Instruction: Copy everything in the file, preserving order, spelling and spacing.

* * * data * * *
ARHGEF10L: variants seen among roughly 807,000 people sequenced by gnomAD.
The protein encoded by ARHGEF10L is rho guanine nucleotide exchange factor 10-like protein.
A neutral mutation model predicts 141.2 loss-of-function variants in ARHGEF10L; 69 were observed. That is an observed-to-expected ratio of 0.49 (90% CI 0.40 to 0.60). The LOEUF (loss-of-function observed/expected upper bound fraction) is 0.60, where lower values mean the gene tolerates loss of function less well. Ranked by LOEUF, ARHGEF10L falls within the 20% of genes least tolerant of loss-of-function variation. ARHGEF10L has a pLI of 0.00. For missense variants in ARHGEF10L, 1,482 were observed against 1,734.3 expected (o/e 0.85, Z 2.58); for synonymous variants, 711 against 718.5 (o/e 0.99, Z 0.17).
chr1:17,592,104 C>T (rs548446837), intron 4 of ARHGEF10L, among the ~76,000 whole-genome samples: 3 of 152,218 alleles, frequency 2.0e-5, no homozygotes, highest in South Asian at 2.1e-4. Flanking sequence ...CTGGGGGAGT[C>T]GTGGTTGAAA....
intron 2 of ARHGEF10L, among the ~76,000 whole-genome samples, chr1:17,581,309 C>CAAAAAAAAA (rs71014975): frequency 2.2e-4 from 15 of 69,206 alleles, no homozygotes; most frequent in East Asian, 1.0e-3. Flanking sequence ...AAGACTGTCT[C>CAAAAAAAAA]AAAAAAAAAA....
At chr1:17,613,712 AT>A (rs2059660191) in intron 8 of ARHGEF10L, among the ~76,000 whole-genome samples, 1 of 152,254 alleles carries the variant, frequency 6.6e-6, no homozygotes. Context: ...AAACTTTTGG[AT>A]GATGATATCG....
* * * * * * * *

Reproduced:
ARHGEF10L: variants seen among roughly 807,000 people sequenced by gnomAD.
The protein encoded by ARHGEF10L is rho guanine nucleotide exchange factor 10-like protein.
A neutral mutation model predicts 141.2 loss-of-function variants in ARHGEF10L; 69 were observed. That is an observed-to-expected ratio of 0.49 (90% CI 0.40 to 0.60). The LOEUF (loss-of-function observed/expected upper bound fraction) is 0.60, where lower values mean the gene tolerates loss of function less well. Ranked by LOEUF, ARHGEF10L falls within the 20% of genes least tolerant of loss-of-function variation. ARHGEF10L has a pLI of 0.00. For missense variants in ARHGEF10L, 1,482 were observed against 1,734.3 expected (o/e 0.85, Z 2.58); for synonymous variants, 711 against 718.5 (o/e 0.99, Z 0.17).
chr1:17,592,104 C>T (rs548446837), intron 4 of ARHGEF10L, among the ~76,000 whole-genome samples: 3 of 152,218 alleles, frequency 2.0e-5, no homozygotes, highest in South Asian at 2.1e-4. Flanking sequence ...CTGGGGGAGT[C>T]GTGGTTGAAA....
intron 2 of ARHGEF10L, among the ~76,000 whole-genome samples, chr1:17,581,309 C>CAAAAAAAAA (rs71014975): frequency 2.2e-4 from 15 of 69,206 alleles, no homozygotes; most frequent in East Asian, 1.0e-3. Flanking sequence ...AAGACTGTCT[C>CAAAAAAAAA]AAAAAAAAAA....
At chr1:17,613,712 AT>A (rs2059660191) in intron 8 of ARHGEF10L, among the ~76,000 whole-genome samples, 1 of 152,254 alleles carries the variant, frequency 6.6e-6, no homozygotes. Context: ...AAACTTTTGG[AT>A]GATGATATCG....